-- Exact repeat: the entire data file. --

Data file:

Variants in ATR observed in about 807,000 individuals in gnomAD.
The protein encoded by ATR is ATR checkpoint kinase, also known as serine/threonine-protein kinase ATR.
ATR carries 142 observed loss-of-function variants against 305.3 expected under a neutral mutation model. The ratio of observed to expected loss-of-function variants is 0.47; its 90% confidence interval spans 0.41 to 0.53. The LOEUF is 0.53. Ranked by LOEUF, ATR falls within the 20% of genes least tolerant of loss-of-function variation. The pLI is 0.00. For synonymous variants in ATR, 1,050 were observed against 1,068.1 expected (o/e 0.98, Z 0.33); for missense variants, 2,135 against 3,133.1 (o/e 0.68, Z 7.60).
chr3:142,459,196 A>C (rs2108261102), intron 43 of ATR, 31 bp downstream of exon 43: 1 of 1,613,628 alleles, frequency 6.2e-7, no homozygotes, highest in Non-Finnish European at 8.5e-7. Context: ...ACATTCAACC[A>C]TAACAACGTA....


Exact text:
Variants in ATR observed in about 807,000 individuals in gnomAD.
The protein encoded by ATR is ATR checkpoint kinase, also known as serine/threonine-protein kinase ATR.
ATR carries 142 observed loss-of-function variants against 305.3 expected under a neutral mutation model. The ratio of observed to expected loss-of-function variants is 0.47; its 90% confidence interval spans 0.41 to 0.53. The LOEUF is 0.53. Ranked by LOEUF, ATR falls within the 20% of genes least tolerant of loss-of-function variation. The pLI is 0.00. For synonymous variants in ATR, 1,050 were observed against 1,068.1 expected (o/e 0.98, Z 0.33); for missense variants, 2,135 against 3,133.1 (o/e 0.68, Z 7.60).
chr3:142,459,196 A>C (rs2108261102), intron 43 of ATR, 31 bp downstream of exon 43: 1 of 1,613,628 alleles, frequency 6.2e-7, no homozygotes, highest in Non-Finnish European at 8.5e-7. Context: ...ACATTCAACC[A>C]TAACAACGTA....